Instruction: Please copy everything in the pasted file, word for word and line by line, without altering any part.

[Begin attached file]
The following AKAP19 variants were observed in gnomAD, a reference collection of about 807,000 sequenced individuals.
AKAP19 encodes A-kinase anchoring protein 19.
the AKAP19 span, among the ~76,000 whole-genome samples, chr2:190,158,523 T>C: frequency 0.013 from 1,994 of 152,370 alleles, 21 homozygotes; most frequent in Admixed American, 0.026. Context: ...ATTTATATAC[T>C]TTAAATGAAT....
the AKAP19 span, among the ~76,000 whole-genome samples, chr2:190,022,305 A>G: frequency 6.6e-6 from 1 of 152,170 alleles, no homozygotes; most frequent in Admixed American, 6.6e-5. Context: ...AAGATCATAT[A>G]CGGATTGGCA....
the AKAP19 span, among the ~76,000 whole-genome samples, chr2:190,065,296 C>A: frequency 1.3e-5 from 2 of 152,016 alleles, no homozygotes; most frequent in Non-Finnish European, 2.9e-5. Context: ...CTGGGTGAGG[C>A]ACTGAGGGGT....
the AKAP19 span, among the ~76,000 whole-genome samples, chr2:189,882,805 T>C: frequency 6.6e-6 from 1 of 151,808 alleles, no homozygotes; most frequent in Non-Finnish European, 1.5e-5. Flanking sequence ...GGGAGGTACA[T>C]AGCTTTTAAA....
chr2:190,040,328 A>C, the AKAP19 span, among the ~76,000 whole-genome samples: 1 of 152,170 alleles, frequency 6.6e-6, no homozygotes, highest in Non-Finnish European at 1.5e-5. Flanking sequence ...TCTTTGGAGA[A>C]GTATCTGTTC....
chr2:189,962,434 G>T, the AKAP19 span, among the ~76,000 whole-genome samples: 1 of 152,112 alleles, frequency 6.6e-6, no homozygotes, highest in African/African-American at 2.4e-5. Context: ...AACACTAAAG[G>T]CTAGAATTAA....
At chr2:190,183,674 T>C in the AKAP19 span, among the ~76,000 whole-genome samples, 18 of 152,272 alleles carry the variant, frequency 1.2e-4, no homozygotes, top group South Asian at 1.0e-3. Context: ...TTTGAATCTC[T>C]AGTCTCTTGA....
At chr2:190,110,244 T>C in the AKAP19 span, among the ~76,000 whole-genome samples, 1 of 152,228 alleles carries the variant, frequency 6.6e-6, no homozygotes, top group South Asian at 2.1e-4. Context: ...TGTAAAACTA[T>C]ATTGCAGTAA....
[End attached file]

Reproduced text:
The following AKAP19 variants were observed in gnomAD, a reference collection of about 807,000 sequenced individuals.
AKAP19 encodes A-kinase anchoring protein 19.
the AKAP19 span, among the ~76,000 whole-genome samples, chr2:190,158,523 T>C: frequency 0.013 from 1,994 of 152,370 alleles, 21 homozygotes; most frequent in Admixed American, 0.026. Context: ...ATTTATATAC[T>C]TTAAATGAAT....
the AKAP19 span, among the ~76,000 whole-genome samples, chr2:190,022,305 A>G: frequency 6.6e-6 from 1 of 152,170 alleles, no homozygotes; most frequent in Admixed American, 6.6e-5. Context: ...AAGATCATAT[A>G]CGGATTGGCA....
the AKAP19 span, among the ~76,000 whole-genome samples, chr2:190,065,296 C>A: frequency 1.3e-5 from 2 of 152,016 alleles, no homozygotes; most frequent in Non-Finnish European, 2.9e-5. Context: ...CTGGGTGAGG[C>A]ACTGAGGGGT....
the AKAP19 span, among the ~76,000 whole-genome samples, chr2:189,882,805 T>C: frequency 6.6e-6 from 1 of 151,808 alleles, no homozygotes; most frequent in Non-Finnish European, 1.5e-5. Flanking sequence ...GGGAGGTACA[T>C]AGCTTTTAAA....
chr2:190,040,328 A>C, the AKAP19 span, among the ~76,000 whole-genome samples: 1 of 152,170 alleles, frequency 6.6e-6, no homozygotes, highest in Non-Finnish European at 1.5e-5. Flanking sequence ...TCTTTGGAGA[A>C]GTATCTGTTC....
chr2:189,962,434 G>T, the AKAP19 span, among the ~76,000 whole-genome samples: 1 of 152,112 alleles, frequency 6.6e-6, no homozygotes, highest in African/African-American at 2.4e-5. Context: ...AACACTAAAG[G>T]CTAGAATTAA....
At chr2:190,183,674 T>C in the AKAP19 span, among the ~76,000 whole-genome samples, 18 of 152,272 alleles carry the variant, frequency 1.2e-4, no homozygotes, top group South Asian at 1.0e-3. Context: ...TTTGAATCTC[T>C]AGTCTCTTGA....
At chr2:190,110,244 T>C in the AKAP19 span, among the ~76,000 whole-genome samples, 1 of 152,228 alleles carries the variant, frequency 6.6e-6, no homozygotes, top group South Asian at 2.1e-4. Context: ...TGTAAAACTA[T>C]ATTGCAGTAA....